Microfinance in practice – Emma

  The whole process of creating, reworking, editing, and writing up the skeleton for a microfinance organisation has been exhilarating..though recently I’d begun to question whether or not a small microfinance scheme in Farende could really work. I found my answer today, when Cyril invited us to a meeting of fifteen women who operate a lending program among themselves..every Tuesday at 1, the women gather behind the big cement Affaires Social building, in a small mud hut. They filtered in this afternoon, one by one, to lay down their money that was borrowed to run their small businesses, mostly selling food or drinks in the market. In this whirlwind, I saw sums up to  the equivlant of $40 – on a faded wooden picnic table. Every person paid their loan back on time, and in full (including interest, of which part of was kept as “savings” for the woman to withdraw later on), with the exception of one woman. This particular woman showed up to the hut late, with a lesser sum in hand than she owed. Upon seeing this, a number of other women erupted, shouting loudly in Kabiye and pointing accusing fingers at her. This exchange clearly illustrated to me that in a system where people have no collateral to lay down to take out a loan, a sense of accountability to repay the loan is kept through peer pressure. Surely, after all that yelling today, the woman would try harder to pay back on time and in full next week.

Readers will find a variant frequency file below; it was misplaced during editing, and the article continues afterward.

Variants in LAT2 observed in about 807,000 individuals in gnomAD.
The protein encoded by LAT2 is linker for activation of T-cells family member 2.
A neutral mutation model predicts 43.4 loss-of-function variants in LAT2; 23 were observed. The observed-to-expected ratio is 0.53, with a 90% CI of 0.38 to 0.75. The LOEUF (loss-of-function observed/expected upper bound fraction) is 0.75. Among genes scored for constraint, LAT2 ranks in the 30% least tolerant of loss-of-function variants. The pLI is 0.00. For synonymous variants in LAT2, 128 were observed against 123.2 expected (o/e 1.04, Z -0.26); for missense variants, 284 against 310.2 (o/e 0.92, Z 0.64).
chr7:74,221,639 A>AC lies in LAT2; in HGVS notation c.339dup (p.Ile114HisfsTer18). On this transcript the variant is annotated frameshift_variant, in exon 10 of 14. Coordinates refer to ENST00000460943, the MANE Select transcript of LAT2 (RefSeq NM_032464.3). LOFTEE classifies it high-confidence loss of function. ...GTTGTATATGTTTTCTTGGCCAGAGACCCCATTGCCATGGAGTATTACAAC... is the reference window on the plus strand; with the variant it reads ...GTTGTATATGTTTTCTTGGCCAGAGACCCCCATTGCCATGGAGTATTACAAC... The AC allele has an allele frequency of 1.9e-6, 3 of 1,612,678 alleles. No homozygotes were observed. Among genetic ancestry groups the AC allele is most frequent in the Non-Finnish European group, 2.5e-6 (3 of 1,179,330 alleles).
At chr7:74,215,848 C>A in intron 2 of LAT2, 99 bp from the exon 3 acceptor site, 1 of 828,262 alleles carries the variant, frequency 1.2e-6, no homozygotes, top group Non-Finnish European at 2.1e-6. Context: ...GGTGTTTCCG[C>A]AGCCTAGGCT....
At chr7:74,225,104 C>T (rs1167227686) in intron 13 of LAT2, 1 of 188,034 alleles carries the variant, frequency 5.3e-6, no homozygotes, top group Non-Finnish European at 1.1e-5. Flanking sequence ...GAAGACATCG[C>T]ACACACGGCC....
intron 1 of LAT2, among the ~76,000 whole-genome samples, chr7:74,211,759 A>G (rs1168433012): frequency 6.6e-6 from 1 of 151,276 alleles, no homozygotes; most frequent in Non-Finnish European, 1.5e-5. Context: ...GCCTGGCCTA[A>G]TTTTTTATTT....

It was such a dynamic, engaging, experience, watching these women unfold their hands to proudly reveal and lay down on the table wrinkled money that was then counted, and shoved into a plastic bag by someone who would carry it to the bank later to be deposited into an account shared by all fifteen women. Just last week alone, the women deposited nearly $200 deposited into this bank account. It made me incredibly hopeful to see these transactions taking place and the processes of microfinance being carried out by this women. Fingers crossed, we’ll be able to create an initiative with the youth that is as sustainable and strong as the one I saw today.

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